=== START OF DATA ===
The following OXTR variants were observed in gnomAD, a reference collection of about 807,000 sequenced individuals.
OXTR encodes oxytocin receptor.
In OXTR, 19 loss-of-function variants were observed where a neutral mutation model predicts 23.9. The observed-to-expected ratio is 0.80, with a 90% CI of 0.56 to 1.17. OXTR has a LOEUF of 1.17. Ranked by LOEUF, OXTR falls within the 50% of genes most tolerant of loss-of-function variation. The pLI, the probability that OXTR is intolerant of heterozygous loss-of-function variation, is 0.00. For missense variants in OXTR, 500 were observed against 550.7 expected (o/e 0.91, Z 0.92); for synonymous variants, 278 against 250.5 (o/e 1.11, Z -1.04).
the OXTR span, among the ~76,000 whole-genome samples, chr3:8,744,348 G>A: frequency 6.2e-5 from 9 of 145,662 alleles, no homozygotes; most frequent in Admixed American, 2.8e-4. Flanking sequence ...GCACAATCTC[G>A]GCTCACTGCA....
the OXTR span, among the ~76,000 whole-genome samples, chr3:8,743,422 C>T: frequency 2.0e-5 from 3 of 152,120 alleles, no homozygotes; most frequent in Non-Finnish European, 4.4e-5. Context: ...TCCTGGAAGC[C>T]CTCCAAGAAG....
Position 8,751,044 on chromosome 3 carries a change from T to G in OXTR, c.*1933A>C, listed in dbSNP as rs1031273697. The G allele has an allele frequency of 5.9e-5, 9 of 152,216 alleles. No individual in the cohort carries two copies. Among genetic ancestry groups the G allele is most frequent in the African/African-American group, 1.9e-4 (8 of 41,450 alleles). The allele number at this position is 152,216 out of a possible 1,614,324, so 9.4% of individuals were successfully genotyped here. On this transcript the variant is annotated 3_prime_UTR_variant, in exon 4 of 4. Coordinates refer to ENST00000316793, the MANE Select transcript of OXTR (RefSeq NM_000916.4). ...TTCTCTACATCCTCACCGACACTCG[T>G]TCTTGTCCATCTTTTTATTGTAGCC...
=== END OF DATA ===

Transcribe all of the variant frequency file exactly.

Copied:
The following OXTR variants were observed in gnomAD, a reference collection of about 807,000 sequenced individuals.
OXTR encodes oxytocin receptor.
In OXTR, 19 loss-of-function variants were observed where a neutral mutation model predicts 23.9. The observed-to-expected ratio is 0.80, with a 90% CI of 0.56 to 1.17. OXTR has a LOEUF of 1.17. Ranked by LOEUF, OXTR falls within the 50% of genes most tolerant of loss-of-function variation. The pLI, the probability that OXTR is intolerant of heterozygous loss-of-function variation, is 0.00. For missense variants in OXTR, 500 were observed against 550.7 expected (o/e 0.91, Z 0.92); for synonymous variants, 278 against 250.5 (o/e 1.11, Z -1.04).
the OXTR span, among the ~76,000 whole-genome samples, chr3:8,744,348 G>A: frequency 6.2e-5 from 9 of 145,662 alleles, no homozygotes; most frequent in Admixed American, 2.8e-4. Flanking sequence ...GCACAATCTC[G>A]GCTCACTGCA....
the OXTR span, among the ~76,000 whole-genome samples, chr3:8,743,422 C>T: frequency 2.0e-5 from 3 of 152,120 alleles, no homozygotes; most frequent in Non-Finnish European, 4.4e-5. Context: ...TCCTGGAAGC[C>T]CTCCAAGAAG....
Position 8,751,044 on chromosome 3 carries a change from T to G in OXTR, c.*1933A>C, listed in dbSNP as rs1031273697. The G allele has an allele frequency of 5.9e-5, 9 of 152,216 alleles. No individual in the cohort carries two copies. Among genetic ancestry groups the G allele is most frequent in the African/African-American group, 1.9e-4 (8 of 41,450 alleles). The allele number at this position is 152,216 out of a possible 1,614,324, so 9.4% of individuals were successfully genotyped here. On this transcript the variant is annotated 3_prime_UTR_variant, in exon 4 of 4. Coordinates refer to ENST00000316793, the MANE Select transcript of OXTR (RefSeq NM_000916.4). ...TTCTCTACATCCTCACCGACACTCG[T>G]TCTTGTCCATCTTTTTATTGTAGCC...